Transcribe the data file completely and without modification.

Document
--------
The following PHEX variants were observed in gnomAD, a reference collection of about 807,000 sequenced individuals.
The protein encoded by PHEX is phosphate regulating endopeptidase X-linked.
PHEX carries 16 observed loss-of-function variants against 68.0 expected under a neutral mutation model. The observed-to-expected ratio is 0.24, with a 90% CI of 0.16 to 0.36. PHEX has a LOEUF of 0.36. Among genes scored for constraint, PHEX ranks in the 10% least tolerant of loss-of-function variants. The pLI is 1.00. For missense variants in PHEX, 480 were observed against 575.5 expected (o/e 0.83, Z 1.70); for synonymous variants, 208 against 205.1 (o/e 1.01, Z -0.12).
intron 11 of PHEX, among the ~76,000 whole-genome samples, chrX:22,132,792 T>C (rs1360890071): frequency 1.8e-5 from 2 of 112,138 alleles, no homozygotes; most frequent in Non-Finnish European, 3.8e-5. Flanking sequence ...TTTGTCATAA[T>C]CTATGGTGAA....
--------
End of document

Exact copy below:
The following PHEX variants were observed in gnomAD, a reference collection of about 807,000 sequenced individuals.
The protein encoded by PHEX is phosphate regulating endopeptidase X-linked.
PHEX carries 16 observed loss-of-function variants against 68.0 expected under a neutral mutation model. The observed-to-expected ratio is 0.24, with a 90% CI of 0.16 to 0.36. PHEX has a LOEUF of 0.36. Among genes scored for constraint, PHEX ranks in the 10% least tolerant of loss-of-function variants. The pLI is 1.00. For missense variants in PHEX, 480 were observed against 575.5 expected (o/e 0.83, Z 1.70); for synonymous variants, 208 against 205.1 (o/e 1.01, Z -0.12).
intron 11 of PHEX, among the ~76,000 whole-genome samples, chrX:22,132,792 T>C (rs1360890071): frequency 1.8e-5 from 2 of 112,138 alleles, no homozygotes; most frequent in Non-Finnish European, 3.8e-5. Flanking sequence ...TTTGTCATAA[T>C]CTATGGTGAA....